The case of the old phone

Frugal innovation has recently become one of my great loves, but I think my honey moon period with this idea is over and I am now looking at it more critically than I had before. Frugal innovation no doubt has unparallel potential to cure our problems of over engineering products and doing more with less. However, it is not just the act of becoming lean we should focus on. It is important to look at why we consume the way that we do. Leaner and cheaper products will no doubt come from developing countries, but does this mean that we would want to consume them compared to their western equivalents? I speak from experience.

I recently lost my phone (a blackberry curve) and ended up using my old Samsung from a previous life, that I now take when I go on holiday. It performed many of the same functions as the blackberry (except the sound was awful and some of the buttons were jammed). Yet, I decided to upgrade my phone and not repair my Samsung. To upgrade it was free, so the incentives to repair were few. Furthermore, I didn’t choose the same phone I had previously, but wanted to upgrade to an iPhone. I had the choice to use a product that was cheaper, less energy intensive and performed the same key functions that I require. Instead, I picked a more expensive product that I quite frankly don’t know how to use, to perform the same functions that I could get with the cheaper alternative.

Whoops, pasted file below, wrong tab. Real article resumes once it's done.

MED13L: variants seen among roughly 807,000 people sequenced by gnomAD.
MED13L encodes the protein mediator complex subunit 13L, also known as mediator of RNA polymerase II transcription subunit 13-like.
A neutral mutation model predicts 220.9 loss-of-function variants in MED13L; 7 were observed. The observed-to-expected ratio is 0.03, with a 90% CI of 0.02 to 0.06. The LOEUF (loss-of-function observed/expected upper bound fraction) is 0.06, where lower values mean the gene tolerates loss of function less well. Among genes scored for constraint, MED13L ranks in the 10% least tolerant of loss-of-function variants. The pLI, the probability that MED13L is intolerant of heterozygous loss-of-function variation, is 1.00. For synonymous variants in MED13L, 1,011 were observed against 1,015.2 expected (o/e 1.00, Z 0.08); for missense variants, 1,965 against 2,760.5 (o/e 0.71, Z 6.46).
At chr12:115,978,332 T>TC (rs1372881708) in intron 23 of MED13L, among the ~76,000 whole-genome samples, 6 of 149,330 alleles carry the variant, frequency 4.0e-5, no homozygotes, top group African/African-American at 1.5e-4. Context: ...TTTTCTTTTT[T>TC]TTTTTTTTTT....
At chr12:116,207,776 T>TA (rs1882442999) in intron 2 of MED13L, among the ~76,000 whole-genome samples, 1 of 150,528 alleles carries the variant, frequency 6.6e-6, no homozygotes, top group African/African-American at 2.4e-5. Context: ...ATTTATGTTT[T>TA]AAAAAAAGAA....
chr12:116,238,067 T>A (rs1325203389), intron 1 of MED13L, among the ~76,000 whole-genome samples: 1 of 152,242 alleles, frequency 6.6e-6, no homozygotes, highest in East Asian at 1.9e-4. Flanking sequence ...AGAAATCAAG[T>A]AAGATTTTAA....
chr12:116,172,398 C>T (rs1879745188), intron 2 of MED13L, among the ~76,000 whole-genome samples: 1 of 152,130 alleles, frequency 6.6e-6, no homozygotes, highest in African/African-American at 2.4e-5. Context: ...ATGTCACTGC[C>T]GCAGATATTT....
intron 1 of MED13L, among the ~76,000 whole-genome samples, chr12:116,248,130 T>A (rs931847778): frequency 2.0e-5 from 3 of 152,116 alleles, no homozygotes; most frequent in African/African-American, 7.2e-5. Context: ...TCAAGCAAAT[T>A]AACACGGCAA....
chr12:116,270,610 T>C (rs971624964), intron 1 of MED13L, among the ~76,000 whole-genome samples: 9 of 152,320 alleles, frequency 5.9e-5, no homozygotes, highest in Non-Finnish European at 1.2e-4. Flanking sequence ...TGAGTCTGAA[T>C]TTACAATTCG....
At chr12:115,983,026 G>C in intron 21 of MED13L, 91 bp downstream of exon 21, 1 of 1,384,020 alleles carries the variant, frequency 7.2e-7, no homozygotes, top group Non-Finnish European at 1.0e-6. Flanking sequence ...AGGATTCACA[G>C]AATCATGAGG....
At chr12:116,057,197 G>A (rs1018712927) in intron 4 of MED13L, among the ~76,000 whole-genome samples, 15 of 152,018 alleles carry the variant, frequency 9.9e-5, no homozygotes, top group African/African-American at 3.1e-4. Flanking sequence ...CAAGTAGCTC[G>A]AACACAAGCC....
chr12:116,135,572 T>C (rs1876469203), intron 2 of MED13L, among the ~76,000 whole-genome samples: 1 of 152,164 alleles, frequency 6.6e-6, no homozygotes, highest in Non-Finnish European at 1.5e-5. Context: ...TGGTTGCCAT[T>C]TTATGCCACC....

If I, a student of the Environment, who is doing her dissertation on a topic that encompasses the art of living simply, cannot practice frugal innovation in my choices, then what right do I have to advise others on it………It has hit me deeply, but I am honestly not sure how far I should go with frugality. One thing is certain, I have to make serious changes with the way that I think and consume.

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